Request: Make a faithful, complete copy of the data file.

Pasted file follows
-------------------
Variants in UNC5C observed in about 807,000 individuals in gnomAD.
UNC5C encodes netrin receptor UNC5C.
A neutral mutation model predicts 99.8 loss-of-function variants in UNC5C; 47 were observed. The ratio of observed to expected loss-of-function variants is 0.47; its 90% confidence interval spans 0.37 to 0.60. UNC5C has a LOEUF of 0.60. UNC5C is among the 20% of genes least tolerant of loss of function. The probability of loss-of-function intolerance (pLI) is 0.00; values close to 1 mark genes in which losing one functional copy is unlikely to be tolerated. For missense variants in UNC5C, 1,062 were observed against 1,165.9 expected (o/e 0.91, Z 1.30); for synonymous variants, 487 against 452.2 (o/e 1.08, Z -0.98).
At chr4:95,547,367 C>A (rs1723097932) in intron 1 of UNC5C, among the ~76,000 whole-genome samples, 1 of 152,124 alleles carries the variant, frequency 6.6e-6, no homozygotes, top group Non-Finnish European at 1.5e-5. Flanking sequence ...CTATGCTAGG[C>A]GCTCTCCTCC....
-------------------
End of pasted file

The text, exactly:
Variants in UNC5C observed in about 807,000 individuals in gnomAD.
UNC5C encodes netrin receptor UNC5C.
A neutral mutation model predicts 99.8 loss-of-function variants in UNC5C; 47 were observed. The ratio of observed to expected loss-of-function variants is 0.47; its 90% confidence interval spans 0.37 to 0.60. UNC5C has a LOEUF of 0.60. UNC5C is among the 20% of genes least tolerant of loss of function. The probability of loss-of-function intolerance (pLI) is 0.00; values close to 1 mark genes in which losing one functional copy is unlikely to be tolerated. For missense variants in UNC5C, 1,062 were observed against 1,165.9 expected (o/e 0.91, Z 1.30); for synonymous variants, 487 against 452.2 (o/e 1.08, Z -0.98).
At chr4:95,547,367 C>A (rs1723097932) in intron 1 of UNC5C, among the ~76,000 whole-genome samples, 1 of 152,124 alleles carries the variant, frequency 6.6e-6, no homozygotes, top group Non-Finnish European at 1.5e-5. Flanking sequence ...CTATGCTAGG[C>A]GCTCTCCTCC....